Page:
New reports are released every single day in Washington, but one that could prove to be of life or death importance was unveiled this week by The Henry Jackson Society, a bipartisan think tank headquartered in London. <i>Al-Qaeda in the United States: A Complete Analysis of Terrorism Offenses</i> holds up a mirror to America and provides us with a clear but terrifying image.
February 2013 has been a very bad month for Iranian-sponsored terrorism.
Late last week, the State Department announced a $10 million reward for information leading to the capture of Ezedin Abdel Aziz Khalil, A.K.A. Yasin al-Suri – Yasin the Syrian. Serious students of terrorism and counterterrorism saw this as big news for two reasons.
In a White House briefing held by conference call shortly after midnight on Monday morning, a group of unnamed "senior administration officials" described the raid in Abbottabad, Pakistan, that resulted in the death Osama bin Laden.
The biggest terrorist on Planet Earth has, at long last, been delivered to justice courtesy of a SEAL's bullet. Some people may say we haven't won anything because killing Bin Laden won't end terrorism forever. I'd say that we have at least ended all terrorism committed by Bin Laden forever.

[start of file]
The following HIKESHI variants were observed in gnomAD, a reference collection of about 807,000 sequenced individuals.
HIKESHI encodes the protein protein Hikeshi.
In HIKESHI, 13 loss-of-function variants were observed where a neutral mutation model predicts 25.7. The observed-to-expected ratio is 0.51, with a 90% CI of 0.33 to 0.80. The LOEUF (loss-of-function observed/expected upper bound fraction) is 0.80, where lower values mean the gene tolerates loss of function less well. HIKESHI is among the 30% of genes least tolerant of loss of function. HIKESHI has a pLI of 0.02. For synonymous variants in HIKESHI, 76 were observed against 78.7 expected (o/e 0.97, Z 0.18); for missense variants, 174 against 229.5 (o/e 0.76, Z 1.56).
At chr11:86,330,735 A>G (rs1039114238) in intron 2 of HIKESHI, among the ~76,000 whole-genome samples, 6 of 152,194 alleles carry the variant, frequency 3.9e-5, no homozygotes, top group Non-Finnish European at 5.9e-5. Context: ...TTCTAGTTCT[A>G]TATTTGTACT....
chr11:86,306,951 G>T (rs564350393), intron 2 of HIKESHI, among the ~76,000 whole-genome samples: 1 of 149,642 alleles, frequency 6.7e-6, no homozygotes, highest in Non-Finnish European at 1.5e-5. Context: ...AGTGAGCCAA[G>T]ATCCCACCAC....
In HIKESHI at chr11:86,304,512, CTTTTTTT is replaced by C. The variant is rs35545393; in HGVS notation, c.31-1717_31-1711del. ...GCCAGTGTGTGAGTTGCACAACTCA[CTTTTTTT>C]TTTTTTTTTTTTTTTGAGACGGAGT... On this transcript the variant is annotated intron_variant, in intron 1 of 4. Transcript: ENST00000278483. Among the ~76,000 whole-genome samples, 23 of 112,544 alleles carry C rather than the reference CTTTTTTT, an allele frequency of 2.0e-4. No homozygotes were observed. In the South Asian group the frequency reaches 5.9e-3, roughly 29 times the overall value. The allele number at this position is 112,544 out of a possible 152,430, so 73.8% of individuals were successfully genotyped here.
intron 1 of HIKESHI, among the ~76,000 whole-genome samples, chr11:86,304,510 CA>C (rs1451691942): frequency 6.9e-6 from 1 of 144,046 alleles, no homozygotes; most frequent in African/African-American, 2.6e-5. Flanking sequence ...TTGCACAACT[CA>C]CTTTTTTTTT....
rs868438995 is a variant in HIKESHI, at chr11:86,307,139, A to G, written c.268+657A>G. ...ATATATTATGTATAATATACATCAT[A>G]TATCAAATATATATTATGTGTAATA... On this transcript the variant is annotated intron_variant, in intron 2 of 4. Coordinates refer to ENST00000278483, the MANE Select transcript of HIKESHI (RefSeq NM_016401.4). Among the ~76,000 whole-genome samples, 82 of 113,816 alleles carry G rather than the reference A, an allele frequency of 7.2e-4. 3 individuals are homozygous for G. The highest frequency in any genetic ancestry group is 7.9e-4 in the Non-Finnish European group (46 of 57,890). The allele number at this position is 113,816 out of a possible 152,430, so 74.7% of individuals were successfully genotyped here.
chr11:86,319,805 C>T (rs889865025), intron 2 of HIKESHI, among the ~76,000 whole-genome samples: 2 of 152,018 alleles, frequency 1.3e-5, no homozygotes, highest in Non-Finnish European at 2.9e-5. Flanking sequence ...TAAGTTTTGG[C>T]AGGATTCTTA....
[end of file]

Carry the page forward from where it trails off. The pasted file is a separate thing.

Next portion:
You don't just walk up to the local bully and slap him across the face. If you are determined to confront him, then you try to knock the living daylights out of him. Otherwise, you are better off to leave him alone.
In 2007, singer Nelly Furtado collected a cool $1 million for crooning at a private function for family members of dictator Muammar Gaddafi.
While everyone's attention seems to be focused on the crisis in Egypt, a bombshell revelation about the administration's foreign policy in Europe has largely gone unnoticed.
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